“I strongly condemn the Iranian government’s continued persecution of religious and ethnic minorities and women,” Sen. Mark Kirk, R-Ill., who has spearheaded key Iran economic and human rights sanctions legislation, told “The United States has a responsibility to stand squarely with the Iranian people against their oppressive dictators.”

Rep. Ileana Ros-Lehtinen, R-Fla., told the report confirms widespread and systematic violations of human rights under the Tehran regime.

“But this is what we have come to expect from [Iranian President] Ahmadinejad and his cronies,” Ros-Lehtinen said. “This reprehensible behavior will only get worse unless the United States and other responsible nations fully and vigorously enforce a wide range of sanctions against the regime and its officials responsible for human rights violations.”

Mohammad Reza Noroozpour, spokesman for Iran’s High Council for Human Rights, told the Iranian Constitution prohibits investigation of individuals’ beliefs.

“It is forbidden, and no one may be molested or taken to task simply for holding a certain belief,” Noroozpour said, insisting that freedom of expression is tolerated “except where there is infringement of the basic tenets of Islam or public rights.”

But Dwight Bashir, deputy director for policy at the U.S. Commission on International Religious Freedom, told the report “is an indispensable catalogue of the scope and severity of abuses perpetrated by the Iranian government.

“Over the past year, the Iranian government has stooped to new lows by incarcerating infant children with their Baha’i mothers and more brutally, clamping down on Christian converts from Islam,” Bashir said. “The U.S. government also should sanction Iranian Supreme Leader Ayatollah Khamenei and President Ahmadinejad for their culpability in committing serious human rights abuses.”

Shaheed found “that 110 Bahais are currently detained in Iran for exercising their faith, including two women, Zohreh Nikayin (Tebyanian) and Taraneh Torabi (Ehsani), who are reportedly nursing infants in prison. It was further estimated that 133 Bahais are currently awaiting summonses to serve their sentences, and that another 268 Bahais are reportedly awaiting trial.”

He called the Bahai group the “single most important persecuted community in country.”

The Bahai is Iran’s largest non-Muslim faith, and was founded by Bahá’u’lláh in Iran in 1863. There are an estimated 350,000 Bahai in Iran.

As with the cases of repression targeting Iran’s Christian community, Mohammad Reza Noroozpour, the Iranian spokesman, did not delve into the specifics of the allegations in the UN report of incarceration of Bahai members.

“Although Baha’ism is not considered an official faith, its followers are entitled to social and civil rights,” Noroozpour said. “It needs to be mentioned that this cult has not been recognized by any of the Islamic countries because of its theological content and the actions of its leaders.”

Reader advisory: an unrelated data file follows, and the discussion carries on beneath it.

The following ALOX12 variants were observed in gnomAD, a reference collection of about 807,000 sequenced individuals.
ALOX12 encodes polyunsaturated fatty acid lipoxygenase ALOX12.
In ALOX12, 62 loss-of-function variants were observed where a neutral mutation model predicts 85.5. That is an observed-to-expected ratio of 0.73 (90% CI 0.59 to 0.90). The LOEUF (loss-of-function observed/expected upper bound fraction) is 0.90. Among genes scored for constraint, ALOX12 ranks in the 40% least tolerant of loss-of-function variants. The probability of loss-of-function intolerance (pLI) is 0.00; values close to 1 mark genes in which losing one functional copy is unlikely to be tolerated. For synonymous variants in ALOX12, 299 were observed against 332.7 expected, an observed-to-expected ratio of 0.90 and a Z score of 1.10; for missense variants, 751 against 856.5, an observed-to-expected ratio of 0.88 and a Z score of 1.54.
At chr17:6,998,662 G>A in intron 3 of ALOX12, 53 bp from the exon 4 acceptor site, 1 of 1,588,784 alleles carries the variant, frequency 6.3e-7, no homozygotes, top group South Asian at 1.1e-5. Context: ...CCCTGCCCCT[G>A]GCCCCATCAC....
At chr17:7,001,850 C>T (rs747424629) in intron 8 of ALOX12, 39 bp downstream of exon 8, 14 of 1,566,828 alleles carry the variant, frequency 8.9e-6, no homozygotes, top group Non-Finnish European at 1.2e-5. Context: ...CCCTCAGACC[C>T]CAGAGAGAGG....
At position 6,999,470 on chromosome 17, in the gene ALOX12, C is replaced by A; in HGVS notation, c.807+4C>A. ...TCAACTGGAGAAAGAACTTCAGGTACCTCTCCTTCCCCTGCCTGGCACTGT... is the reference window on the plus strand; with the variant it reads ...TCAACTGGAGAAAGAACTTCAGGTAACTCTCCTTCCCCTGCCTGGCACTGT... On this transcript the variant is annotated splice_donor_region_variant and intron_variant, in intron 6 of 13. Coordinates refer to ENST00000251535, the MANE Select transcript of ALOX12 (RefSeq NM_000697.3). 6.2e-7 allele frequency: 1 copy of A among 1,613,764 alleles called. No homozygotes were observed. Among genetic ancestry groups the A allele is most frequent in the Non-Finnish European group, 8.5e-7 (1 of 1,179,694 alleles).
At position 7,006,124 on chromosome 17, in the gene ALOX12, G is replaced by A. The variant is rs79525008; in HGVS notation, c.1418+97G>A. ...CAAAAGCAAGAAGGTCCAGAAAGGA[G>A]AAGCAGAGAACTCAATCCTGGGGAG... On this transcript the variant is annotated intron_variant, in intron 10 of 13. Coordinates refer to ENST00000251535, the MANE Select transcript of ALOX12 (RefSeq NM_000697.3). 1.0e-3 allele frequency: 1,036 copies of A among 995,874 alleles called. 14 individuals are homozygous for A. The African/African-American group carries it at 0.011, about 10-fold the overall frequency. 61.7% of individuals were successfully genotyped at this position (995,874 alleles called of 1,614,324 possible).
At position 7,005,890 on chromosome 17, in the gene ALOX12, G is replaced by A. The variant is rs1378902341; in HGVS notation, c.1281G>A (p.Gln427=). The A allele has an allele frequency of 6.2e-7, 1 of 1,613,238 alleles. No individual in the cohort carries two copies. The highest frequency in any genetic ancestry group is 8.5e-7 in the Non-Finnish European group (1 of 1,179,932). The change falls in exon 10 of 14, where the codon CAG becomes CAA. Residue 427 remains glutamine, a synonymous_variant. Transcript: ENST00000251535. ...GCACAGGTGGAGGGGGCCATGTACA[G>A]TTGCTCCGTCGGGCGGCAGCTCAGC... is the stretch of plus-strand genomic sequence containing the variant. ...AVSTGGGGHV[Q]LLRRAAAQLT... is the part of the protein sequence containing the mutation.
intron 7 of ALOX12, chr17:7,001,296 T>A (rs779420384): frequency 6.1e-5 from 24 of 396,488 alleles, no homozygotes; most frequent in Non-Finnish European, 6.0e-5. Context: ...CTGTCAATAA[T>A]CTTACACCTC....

Roya Hakakian, an American-Iranian expert on the Islamic Republic, told,” The Baha’is of Iran have been the targets of Iran’s regime since its inception.“

Hakakian, the author of the highly acclaimed “Assassins of the Turquoise Palace” about Iran’s assassination of Iranian-Kurdish dissidents in Germany in the early 1990s, said, ”The ebb and flow of the regime’s savagery toward the Baha’is has always had a direct correlation with the regime’s own sense of instability and insecurity,” said Hakakian. “The greater the internal or external pressures on Iran, the more vehemently the regime treats its most vulnerable minority.”


Deadly riots continue in central Myanmar

Two days of clashes between Buddhists and Muslims in Meikhtila town leave at least 20 people dead, legislator says.
Two days of rioting between Buddhists and Muslims in a central Myanmar town has killed at least 20 people, a legislator said.

The situation in the town of Meikhtila on Friday remained tense and dangerous Win Htein, a local parliamentarian from the opposition National League for Democracy, said.

Al Jazeera’s Wayne Hay, reporting from Bangkok, said the death toll is likely to rise in the coming days.

“Violence was continuing on Friday morning. Small groups of men are roaming around the town, attacking each other and setting fires to buildings as well,” Hay said.

“Many Muslims and Buddhists are leaving the town and some of them, as they are leaving, are saying that security forces … have done nothing to restore order.”

Fires set to Muslim homes continued to burn but angry Buddhist residents and monks prevented authorities from putting out the blazes, he said.

At least five mosques were torched during the violence that started on Wednesday, reportedly triggered by an argument

A Buddhist monk was among the first killed, inflaming tensions that led a Buddhist mob to rampage through a Muslim neighbourhood.

‘Unpredictable situation’

Meikhtila is about 550km north of the main city of Yangon with a population of about 100,000 people, of whom about a third are Muslims, Win Htein said.

He said before this week’s violence, the community had 17 mosques.

It was difficult to determine the extent of destruction in the town because residents were too afraid to walk the streets and were sheltering in monasteries or other locations away from the violence.

“We don’t feel safe and we have now moved inside a monastery,” said Sein Shwe, a shop owner. “The situation is unpredictable and dangerous.”

Occasional isolated violence involving Myanmar’s majority Buddhist and minority Muslim communities has occurred for decades.

The violence in Meikhtila was the latest sectarian unrest after clashes between Rakhine Buddhists and Muslim Rohingya last year in western Rakhine state left more than 200 people dead and 100,000 homeless.

It is also the latest challenge for the government as it tries to keep peace in the country and navigate the transition from military rule to fledgling democracy.